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Tribute to a symbol of war's 'ordinary' soldiers
Documenting the story of her great uncle, an ordinary Yorkshireman who fought and died in the First World War, has been a decade's work for author Susan Laffey.
The result of this labour of love, Jack Garbutt: The Bilsdale Bombardier, was recently launched in the soldier's titular hometown near Stokesley in North Yorkshire.
This sort of local history book is not uncommon. What makes this one different, however, is the amount of detailed information logged in its eight chapters.
It starts off as a history of the Garbutt family in Bilsdale then focuses on what was thought of at the time as the great adventure', the First World War.
Jack Garbutt was a farm labourer, without education, who briefly became a policeman before enlisting in the Royal Field Artillery in August 1914. "Sadly, at the age of 22, after surviving the horrors of the Somme, Passchendaele, without injury for three-and-a-half years, and after travelling over 750 miles around northern France and Belgium, his luck ran out," his great niece writes.
But wait, why did she embark on this book in the first place if there were no heroic tales of derring-do to relate?
In a brief introduction she explains. "Jack's story is a reflection of what was happening all over the nation; young men were removed from their own locality to environments and conditions never before imagined and still barely believable. That any of these men survived, we can be surprised; that so many died is shocking.
"As the 90th anniversary of the Armistice approaches it is fitting that Jack's story is preserved in this book. He is not famous, nor is he distinguished, but he is a symbol of all the ordinary men from Bilsdale and around the world who did their bit when the call came."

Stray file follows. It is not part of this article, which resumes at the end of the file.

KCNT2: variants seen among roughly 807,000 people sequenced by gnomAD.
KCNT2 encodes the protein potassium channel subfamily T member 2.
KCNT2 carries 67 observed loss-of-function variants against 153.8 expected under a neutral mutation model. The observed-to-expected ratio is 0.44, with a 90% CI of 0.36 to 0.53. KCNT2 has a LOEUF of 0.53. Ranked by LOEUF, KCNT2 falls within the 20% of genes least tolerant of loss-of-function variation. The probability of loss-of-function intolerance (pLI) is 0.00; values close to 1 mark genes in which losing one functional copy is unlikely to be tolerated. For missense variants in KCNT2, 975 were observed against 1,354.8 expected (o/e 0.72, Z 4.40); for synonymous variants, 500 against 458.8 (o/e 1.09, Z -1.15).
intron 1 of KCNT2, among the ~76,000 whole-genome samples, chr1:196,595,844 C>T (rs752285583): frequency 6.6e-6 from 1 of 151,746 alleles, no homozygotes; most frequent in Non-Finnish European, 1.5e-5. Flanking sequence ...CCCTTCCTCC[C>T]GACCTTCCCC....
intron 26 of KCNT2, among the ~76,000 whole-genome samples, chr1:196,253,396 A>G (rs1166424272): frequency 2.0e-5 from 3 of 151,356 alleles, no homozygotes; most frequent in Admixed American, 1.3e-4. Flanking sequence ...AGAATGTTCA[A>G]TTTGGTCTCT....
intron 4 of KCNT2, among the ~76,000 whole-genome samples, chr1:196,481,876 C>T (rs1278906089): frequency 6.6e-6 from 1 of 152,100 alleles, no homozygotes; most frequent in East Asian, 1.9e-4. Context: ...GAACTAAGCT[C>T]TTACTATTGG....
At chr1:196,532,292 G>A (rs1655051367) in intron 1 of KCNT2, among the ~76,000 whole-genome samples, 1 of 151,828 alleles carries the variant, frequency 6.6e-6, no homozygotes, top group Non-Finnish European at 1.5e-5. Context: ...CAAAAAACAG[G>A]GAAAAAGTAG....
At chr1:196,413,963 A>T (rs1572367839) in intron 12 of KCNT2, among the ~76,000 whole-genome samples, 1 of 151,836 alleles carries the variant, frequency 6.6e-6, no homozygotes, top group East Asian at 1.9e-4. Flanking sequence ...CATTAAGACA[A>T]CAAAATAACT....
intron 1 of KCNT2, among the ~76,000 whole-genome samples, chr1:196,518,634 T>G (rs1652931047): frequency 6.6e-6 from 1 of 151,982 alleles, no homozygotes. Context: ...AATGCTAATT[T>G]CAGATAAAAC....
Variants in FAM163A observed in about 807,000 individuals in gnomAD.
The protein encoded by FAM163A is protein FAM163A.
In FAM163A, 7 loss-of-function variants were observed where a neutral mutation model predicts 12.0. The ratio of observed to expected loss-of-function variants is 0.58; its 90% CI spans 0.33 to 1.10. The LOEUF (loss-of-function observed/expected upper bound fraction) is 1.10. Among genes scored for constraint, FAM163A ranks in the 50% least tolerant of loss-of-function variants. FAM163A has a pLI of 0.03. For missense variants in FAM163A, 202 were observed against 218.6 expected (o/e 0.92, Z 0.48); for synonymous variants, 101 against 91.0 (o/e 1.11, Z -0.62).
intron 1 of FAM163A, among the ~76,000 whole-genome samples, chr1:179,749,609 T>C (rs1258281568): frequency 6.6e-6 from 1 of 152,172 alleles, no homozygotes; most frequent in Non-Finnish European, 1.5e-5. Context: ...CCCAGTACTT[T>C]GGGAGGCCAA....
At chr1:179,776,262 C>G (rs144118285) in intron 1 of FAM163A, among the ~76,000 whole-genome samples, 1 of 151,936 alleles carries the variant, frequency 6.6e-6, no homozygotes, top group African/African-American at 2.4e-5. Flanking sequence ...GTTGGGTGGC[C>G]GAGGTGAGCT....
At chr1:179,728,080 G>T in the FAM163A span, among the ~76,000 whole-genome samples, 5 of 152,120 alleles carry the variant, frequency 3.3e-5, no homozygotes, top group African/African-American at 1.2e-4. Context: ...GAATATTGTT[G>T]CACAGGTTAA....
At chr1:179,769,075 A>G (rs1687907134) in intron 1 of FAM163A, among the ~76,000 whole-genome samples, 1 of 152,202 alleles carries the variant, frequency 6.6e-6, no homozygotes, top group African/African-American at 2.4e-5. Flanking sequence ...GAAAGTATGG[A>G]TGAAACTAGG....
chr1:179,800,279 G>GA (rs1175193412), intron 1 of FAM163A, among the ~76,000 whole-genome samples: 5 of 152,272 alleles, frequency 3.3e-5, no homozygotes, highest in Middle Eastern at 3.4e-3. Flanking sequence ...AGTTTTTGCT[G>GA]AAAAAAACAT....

That is well said. So how did Jack Garbutt die? After the family received notification from the Army that on March 21, 1918, he was reported missing, believed dead, his sister Gladys wrote to the Army authorities in France requesting more information.
On May 22, 1918, she got a reply from Second Lieutenant Frank W Pearse. Jack Garbutt and another Bombadier were his acting Non-Commissioned Officers in charge of six wagons taking shells to the British guns. He wrote that they came under enemy fire from heavy calibre German guns.
He went on: "One of the drivers and two of the horses of the leading team were wounded and my horse was badly wounded also. I got the leading wagon out of the way and ordered the remaining wagons to proceed. I then shot my horse and caught, after some difficulty, one that was riderless "When we got to a sunken point in the road, more or less under cover, I ascertained that both my NCOs were missing. I assumed that your brother had fallen from his horse and would, in due course, report at the wagon lines. The place in question soon fell into enemy hands and if he was hit and survived, the enemy would have, no doubt, informed our Government through the usual channels. As up to now the division has heard nothing. I fear (and with this the commanding officer agrees) that he must have been killed"
The author records that from the start of the war 4,970,902 men from the British Isles enlisted, of whom 704,803 were killed. Of the 41 men from Bilsdale, 14 were killed, including Bombardier Jack.
As an object, the book is a fine example of craftsmanship: printing that's easy on the eye, a good layout and the spine is stitched and glued. These days perfect binding, as it's called, is rare, especially in small presses.
This is only the second book published by Otley-based Waltersgill Photography and Publishing, whichwas set up last year by former bookbinder Daniel J Walters.